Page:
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Jack Soo

Jack Soo

  • Thoroughly Modern Millie (1967) September 08 (ET) - Reminder REMINDER
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Also Known As: Goro Suzuki Died: January 11, 1979
Born: October 28, 1917 Cause of Death: Throat cancer
Birth Place: Oakland, California, USA Profession: Cast ... actor dancer singer
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BIOGRAPHY

A genial, sleepy-eyed character player especially adept at the relaxed wisecrack, Soo is best remembered for his hilarious Detective Sgt. Nick Yemana on one of the best sitcoms of the 1970s, "Barney Miller". His career, though, began three decades earlier, and the actor gradually managed to develop roles which were more than stock ethnic types, whose humor was based on the situations of life rather than the limitations of caricature.

Born in California, Soo spent several years of his young adulthood during WWII in an internment camp in Utah along with many other US citizens of Japanese descent. After the war he did standup comedy on a nightclub circuit in the Midwest and befriended another performer, Danny Arnold, who would eventually produce "Barney Miller". Soo's breakthrough came when he played Sammy Fong, one of the four romantic leads and a kind of "Chinese Nathan Detroit" as "Variety" put it, in the Rodgers and Hammerstein Broadway musical "Flower Drum Song" (1958). In 1961 Soo made his film debut recreating the role, and over the next decade acted in several other films. He played a colonel in John Wayne's controversial pro-Vietnam War "The Green Berets" (1968) and threw Mary Tyler Moore into a clothes hamper as Bea Lillie's cartoonish henchman in "Thoroughly Modern Millie" (1967).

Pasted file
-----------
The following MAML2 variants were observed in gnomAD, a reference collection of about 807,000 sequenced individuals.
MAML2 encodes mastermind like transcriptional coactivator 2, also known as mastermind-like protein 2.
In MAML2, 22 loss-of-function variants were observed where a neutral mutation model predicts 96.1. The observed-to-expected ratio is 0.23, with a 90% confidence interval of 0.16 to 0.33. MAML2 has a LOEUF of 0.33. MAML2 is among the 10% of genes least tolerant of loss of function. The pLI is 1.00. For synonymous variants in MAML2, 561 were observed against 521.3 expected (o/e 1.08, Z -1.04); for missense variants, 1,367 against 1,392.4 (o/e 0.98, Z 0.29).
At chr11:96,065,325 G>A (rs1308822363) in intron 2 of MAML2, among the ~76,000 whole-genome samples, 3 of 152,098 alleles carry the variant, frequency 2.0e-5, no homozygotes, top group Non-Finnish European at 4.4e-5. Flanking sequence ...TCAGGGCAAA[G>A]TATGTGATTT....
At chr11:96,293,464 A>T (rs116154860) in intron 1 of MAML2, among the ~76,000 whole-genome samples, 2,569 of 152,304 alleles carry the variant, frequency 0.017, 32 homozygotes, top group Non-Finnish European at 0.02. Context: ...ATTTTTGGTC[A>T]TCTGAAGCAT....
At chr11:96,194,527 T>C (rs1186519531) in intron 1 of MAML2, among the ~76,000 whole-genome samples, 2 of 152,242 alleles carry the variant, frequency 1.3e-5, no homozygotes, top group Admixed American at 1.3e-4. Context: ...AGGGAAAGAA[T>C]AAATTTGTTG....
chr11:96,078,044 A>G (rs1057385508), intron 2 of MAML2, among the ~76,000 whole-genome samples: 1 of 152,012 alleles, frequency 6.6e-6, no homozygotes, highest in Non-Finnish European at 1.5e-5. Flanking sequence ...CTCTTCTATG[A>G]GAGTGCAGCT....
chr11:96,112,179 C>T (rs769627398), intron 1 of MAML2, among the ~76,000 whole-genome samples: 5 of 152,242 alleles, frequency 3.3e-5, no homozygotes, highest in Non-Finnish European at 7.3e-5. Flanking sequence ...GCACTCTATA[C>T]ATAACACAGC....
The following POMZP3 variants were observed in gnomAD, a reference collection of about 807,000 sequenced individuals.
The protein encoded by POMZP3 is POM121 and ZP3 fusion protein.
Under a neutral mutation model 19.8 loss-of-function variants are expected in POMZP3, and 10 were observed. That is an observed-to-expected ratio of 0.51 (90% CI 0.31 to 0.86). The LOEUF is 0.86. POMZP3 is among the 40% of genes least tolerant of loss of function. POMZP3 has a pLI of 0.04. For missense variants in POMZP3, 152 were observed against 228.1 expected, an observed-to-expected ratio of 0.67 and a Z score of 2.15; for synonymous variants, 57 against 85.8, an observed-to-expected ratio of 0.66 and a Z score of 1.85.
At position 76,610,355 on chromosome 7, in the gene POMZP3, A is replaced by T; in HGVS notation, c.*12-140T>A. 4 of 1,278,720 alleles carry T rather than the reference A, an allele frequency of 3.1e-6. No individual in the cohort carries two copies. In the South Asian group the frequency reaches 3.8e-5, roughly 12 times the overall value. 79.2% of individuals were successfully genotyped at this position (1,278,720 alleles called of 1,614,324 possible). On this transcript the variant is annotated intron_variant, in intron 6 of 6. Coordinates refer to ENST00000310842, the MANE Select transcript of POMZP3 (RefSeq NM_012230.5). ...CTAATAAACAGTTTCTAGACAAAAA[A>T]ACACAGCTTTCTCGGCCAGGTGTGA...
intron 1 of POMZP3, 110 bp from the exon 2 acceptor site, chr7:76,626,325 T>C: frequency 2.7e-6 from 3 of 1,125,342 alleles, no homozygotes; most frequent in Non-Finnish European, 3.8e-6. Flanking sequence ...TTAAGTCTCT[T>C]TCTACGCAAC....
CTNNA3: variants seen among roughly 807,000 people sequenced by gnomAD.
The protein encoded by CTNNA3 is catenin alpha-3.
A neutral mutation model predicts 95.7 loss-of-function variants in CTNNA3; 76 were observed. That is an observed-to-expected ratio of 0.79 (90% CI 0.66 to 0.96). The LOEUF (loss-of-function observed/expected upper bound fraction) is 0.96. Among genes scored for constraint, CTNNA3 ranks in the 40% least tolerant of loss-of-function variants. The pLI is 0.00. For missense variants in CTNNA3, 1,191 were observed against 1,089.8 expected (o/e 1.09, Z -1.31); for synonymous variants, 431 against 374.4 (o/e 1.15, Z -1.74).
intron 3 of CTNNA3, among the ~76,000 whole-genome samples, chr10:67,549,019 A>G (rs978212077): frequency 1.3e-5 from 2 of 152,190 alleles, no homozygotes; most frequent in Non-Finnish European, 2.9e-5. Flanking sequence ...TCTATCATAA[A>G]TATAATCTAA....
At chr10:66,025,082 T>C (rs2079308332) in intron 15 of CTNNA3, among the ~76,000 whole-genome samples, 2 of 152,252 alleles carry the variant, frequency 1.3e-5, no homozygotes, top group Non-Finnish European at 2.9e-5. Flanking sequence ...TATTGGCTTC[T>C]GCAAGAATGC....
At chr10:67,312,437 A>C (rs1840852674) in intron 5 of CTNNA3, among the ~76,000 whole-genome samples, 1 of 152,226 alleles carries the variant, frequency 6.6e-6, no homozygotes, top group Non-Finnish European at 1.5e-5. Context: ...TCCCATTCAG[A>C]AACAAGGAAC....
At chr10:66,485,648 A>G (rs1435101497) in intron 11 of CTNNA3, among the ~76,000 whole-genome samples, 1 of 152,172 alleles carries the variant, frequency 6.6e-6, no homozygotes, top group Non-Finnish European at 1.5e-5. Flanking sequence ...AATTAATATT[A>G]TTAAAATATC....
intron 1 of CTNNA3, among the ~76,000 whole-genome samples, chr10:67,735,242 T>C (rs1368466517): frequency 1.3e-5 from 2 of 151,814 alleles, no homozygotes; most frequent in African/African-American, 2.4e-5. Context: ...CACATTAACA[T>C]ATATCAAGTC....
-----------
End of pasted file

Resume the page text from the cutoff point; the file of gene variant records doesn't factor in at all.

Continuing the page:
Already tending to play ambling ne'er-do-wells, Soo first ventured into TV series work as the poker-playing ex-Army buddy turned con-artist valet to debonair publishing executive Valentine Farrow (Anthony Franciosa) on the sitcom "Valentine's Day" (ABC, 1964-65). Soo's career had its dry spells, during which he made several TV-movies and played a recurring role on "The Jimmy Stewart Show" (NBC, 1971-72), but "Barney Miller" (ABC), beginning in 1975, insured his niche in popular memory four years before his death from cancer. Forever making bad coffee, griping to his bookie on the phone and moseying about offering sardonic Greek chorus-style commentary on the suspects hauled into the precinct, Sgt. Yemana finally offered full scope to Soo's quietly engaging but nonetheless formidable comic prowess.

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